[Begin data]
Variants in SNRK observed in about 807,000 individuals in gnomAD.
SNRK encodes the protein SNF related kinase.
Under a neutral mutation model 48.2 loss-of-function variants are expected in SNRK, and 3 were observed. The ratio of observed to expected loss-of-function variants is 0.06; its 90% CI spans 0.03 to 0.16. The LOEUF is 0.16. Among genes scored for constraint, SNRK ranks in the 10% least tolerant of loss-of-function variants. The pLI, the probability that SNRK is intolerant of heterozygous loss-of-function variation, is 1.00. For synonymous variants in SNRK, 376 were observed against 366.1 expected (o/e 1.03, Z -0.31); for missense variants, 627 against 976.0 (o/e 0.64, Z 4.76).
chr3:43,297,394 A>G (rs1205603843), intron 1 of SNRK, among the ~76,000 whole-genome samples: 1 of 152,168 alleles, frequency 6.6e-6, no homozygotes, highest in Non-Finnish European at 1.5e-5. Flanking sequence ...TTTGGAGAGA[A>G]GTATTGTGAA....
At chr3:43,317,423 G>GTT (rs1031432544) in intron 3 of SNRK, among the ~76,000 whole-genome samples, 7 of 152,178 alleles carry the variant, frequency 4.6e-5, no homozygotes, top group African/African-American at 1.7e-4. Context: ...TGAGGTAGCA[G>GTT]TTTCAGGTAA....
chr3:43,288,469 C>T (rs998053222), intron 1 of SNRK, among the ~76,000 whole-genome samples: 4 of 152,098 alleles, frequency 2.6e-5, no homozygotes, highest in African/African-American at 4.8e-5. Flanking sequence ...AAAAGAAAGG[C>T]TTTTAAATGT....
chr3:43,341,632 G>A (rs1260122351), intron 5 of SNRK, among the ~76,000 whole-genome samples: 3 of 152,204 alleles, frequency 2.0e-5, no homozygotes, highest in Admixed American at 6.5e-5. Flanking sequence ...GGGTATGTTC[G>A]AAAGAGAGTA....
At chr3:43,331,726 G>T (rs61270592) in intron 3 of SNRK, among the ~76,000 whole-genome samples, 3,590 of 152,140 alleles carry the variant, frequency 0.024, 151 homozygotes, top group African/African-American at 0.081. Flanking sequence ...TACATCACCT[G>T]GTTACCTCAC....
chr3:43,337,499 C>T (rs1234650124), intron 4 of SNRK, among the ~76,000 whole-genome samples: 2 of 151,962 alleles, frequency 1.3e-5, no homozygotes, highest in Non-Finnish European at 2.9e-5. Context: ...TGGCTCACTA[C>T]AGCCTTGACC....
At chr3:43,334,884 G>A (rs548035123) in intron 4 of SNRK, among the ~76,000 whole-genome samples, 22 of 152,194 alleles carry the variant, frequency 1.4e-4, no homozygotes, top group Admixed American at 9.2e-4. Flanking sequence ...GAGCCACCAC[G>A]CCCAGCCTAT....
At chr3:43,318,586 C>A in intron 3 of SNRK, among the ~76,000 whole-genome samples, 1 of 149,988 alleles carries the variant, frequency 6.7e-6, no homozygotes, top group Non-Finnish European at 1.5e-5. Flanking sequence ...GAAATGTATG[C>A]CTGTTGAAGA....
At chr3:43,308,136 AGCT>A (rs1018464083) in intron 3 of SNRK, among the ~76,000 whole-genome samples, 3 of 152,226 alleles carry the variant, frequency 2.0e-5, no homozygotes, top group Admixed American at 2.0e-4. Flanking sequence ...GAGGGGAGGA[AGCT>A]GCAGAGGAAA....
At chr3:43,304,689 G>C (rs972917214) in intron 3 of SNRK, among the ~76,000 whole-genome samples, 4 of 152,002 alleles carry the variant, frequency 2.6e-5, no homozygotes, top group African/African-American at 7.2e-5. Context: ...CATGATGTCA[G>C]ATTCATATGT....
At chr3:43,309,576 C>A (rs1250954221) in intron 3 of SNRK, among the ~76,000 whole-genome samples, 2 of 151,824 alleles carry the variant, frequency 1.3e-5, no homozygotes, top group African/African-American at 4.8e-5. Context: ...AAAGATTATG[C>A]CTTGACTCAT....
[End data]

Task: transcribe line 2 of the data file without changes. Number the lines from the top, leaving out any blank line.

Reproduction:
SNRK encodes the protein SNF related kinase.